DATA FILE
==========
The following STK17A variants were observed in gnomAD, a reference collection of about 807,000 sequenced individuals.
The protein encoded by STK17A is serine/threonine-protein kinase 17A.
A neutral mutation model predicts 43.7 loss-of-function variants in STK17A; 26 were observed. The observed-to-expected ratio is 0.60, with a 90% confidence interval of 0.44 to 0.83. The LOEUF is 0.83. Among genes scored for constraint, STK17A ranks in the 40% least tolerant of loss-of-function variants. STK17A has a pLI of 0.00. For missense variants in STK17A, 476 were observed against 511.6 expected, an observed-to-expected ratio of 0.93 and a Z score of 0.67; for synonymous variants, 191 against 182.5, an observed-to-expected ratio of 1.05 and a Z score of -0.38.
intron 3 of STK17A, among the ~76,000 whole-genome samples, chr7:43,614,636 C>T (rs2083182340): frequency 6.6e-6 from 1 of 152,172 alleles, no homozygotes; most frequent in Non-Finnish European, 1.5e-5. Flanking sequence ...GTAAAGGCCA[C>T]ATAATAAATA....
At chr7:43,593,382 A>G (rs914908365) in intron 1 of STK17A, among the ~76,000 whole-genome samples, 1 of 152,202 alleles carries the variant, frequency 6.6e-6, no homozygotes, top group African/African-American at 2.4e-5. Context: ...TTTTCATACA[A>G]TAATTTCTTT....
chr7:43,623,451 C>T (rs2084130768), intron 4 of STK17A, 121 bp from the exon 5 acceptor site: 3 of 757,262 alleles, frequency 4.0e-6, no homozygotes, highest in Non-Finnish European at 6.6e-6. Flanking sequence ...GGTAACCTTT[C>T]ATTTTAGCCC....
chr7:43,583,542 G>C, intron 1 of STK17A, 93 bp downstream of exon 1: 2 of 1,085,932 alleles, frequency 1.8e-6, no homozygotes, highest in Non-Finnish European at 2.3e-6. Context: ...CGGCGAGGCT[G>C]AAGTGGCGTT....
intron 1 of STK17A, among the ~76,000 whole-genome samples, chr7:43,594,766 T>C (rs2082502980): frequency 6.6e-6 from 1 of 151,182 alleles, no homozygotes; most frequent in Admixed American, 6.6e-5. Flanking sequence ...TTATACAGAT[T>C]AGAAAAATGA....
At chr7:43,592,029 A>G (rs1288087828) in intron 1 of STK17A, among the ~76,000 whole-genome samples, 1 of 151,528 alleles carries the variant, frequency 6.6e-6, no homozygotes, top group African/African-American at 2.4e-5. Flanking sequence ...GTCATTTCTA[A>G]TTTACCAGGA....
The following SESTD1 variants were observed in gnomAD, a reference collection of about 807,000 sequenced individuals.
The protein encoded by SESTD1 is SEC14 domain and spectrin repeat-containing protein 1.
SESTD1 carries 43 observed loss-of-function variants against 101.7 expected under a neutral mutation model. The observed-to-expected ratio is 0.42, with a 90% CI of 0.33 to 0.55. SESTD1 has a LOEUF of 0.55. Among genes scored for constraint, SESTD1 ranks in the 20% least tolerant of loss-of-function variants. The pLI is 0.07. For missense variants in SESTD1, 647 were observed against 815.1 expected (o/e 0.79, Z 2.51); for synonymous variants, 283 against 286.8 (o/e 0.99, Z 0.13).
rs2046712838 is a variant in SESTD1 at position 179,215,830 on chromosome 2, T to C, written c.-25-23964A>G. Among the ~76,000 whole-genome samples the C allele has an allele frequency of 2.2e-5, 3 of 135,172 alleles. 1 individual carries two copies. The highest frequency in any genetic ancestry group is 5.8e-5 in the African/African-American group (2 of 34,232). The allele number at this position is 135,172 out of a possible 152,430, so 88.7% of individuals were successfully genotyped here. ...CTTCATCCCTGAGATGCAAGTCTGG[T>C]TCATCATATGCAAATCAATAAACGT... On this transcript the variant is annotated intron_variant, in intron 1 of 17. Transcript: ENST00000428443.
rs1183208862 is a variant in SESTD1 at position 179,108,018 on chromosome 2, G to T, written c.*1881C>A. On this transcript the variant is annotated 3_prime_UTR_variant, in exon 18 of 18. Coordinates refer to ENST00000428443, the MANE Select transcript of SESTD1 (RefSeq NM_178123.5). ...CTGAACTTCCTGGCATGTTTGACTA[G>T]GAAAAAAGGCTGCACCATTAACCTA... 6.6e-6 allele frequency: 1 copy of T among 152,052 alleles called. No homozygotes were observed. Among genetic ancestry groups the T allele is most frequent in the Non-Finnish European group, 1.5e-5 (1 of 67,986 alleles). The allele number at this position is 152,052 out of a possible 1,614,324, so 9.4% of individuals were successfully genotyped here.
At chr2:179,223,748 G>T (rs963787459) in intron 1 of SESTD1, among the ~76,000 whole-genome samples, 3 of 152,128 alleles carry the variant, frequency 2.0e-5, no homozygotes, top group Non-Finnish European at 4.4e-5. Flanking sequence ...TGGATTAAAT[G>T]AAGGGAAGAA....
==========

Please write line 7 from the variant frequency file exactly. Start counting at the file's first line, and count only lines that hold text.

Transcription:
chr7:43,583,542 G>C, intron 1 of STK17A, 93 bp downstream of exon 1: 2 of 1,085,932 alleles, frequency 1.8e-6, no homozygotes, highest in Non-Finnish European at 2.3e-6. Context: ...CGGCGAGGCT[G>C]AAGTGGCGTT....